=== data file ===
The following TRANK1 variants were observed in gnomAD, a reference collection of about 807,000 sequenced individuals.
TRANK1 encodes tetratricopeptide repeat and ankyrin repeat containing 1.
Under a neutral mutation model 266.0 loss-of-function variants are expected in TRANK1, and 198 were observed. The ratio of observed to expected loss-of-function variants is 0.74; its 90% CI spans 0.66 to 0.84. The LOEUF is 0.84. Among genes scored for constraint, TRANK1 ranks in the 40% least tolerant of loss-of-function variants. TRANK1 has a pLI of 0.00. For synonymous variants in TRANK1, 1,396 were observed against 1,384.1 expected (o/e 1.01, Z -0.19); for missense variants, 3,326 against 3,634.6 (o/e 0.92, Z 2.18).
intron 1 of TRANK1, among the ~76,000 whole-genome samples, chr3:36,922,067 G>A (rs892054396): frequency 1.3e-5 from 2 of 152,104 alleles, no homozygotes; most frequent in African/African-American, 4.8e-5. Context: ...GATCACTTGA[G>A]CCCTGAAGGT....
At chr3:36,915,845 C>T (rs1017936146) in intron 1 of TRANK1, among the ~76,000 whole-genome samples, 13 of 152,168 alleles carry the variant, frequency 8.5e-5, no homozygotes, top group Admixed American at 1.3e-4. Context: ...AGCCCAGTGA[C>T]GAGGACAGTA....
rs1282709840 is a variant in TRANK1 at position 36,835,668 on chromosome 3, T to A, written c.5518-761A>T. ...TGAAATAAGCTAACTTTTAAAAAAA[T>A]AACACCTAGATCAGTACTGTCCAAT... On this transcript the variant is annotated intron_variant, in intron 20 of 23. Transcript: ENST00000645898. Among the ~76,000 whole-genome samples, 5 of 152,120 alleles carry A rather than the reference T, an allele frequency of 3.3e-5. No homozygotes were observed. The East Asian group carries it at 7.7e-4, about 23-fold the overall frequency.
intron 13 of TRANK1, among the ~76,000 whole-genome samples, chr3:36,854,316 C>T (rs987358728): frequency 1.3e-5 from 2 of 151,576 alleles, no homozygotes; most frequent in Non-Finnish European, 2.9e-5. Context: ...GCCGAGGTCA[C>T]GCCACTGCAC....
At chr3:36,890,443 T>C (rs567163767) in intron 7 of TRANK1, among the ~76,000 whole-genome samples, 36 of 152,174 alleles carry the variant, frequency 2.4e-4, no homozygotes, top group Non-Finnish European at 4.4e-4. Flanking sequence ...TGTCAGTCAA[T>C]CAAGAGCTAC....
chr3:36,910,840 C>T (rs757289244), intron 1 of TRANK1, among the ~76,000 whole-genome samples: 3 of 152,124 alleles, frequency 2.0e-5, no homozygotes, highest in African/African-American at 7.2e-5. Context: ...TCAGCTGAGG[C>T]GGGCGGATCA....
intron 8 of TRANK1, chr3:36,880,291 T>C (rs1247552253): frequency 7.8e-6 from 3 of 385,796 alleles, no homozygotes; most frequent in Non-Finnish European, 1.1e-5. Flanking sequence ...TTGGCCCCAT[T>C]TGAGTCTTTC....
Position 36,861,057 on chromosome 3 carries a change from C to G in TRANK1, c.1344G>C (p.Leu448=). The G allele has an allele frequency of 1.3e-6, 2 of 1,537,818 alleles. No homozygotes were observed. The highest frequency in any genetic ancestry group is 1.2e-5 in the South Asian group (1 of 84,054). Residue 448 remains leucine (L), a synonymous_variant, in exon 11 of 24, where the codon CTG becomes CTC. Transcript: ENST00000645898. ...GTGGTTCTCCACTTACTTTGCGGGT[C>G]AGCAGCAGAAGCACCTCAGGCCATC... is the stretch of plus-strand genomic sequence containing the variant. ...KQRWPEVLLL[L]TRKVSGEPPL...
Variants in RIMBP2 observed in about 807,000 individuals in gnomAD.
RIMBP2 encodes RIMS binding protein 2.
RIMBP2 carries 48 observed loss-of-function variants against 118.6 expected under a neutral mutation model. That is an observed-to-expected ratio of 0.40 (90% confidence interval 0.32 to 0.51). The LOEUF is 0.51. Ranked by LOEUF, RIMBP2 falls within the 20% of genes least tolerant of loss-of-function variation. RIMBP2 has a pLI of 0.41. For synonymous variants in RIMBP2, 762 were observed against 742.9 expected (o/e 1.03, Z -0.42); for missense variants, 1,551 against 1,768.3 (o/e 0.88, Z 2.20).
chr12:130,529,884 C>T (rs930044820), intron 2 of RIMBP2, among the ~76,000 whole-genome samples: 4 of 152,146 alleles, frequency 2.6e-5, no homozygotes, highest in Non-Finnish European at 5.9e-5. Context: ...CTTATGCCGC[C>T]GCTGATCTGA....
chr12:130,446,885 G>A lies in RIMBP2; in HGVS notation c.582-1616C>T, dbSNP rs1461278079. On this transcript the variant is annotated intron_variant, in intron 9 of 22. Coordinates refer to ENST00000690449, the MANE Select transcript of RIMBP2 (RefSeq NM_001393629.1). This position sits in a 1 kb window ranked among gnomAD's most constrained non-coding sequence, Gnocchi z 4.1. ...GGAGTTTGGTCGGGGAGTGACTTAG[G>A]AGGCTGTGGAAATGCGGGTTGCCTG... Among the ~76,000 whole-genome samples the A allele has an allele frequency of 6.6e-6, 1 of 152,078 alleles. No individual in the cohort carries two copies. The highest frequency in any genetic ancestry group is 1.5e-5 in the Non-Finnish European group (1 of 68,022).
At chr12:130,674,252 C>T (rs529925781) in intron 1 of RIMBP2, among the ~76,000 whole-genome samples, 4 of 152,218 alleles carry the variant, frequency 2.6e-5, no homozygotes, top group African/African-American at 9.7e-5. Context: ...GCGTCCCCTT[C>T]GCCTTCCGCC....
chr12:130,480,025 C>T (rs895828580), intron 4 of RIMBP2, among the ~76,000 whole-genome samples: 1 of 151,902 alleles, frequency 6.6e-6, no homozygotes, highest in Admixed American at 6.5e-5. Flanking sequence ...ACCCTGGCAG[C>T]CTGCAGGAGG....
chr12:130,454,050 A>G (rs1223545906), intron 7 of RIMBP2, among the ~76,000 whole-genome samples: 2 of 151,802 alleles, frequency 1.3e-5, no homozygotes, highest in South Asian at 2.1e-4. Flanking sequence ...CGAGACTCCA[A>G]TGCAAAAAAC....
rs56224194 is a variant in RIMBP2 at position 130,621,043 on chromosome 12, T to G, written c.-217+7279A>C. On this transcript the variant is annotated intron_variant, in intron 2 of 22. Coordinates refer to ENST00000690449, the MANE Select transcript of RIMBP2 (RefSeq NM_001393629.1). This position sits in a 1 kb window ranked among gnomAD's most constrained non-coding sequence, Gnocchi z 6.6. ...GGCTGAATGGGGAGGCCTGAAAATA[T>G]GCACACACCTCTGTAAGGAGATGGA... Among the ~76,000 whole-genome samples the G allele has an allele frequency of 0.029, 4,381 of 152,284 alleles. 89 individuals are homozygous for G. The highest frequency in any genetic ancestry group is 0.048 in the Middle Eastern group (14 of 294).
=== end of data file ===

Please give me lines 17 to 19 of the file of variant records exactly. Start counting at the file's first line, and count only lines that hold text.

At chr12:130,674,252 C>T (rs529925781) in intron 1 of RIMBP2, among the ~76,000 whole-genome samples, 4 of 152,218 alleles carry the variant, frequency 2.6e-5, no homozygotes, top group African/African-American at 9.7e-5. Context: ...GCGTCCCCTT[C>T]GCCTTCCGCC....
chr12:130,480,025 C>T (rs895828580), intron 4 of RIMBP2, among the ~76,000 whole-genome samples: 1 of 151,902 alleles, frequency 6.6e-6, no homozygotes, highest in Admixed American at 6.5e-5. Flanking sequence ...ACCCTGGCAG[C>T]CTGCAGGAGG....
chr12:130,454,050 A>G (rs1223545906), intron 7 of RIMBP2, among the ~76,000 whole-genome samples: 2 of 151,802 alleles, frequency 1.3e-5, no homozygotes, highest in South Asian at 2.1e-4. Flanking sequence ...CGAGACTCCA[A>G]TGCAAAAAAC....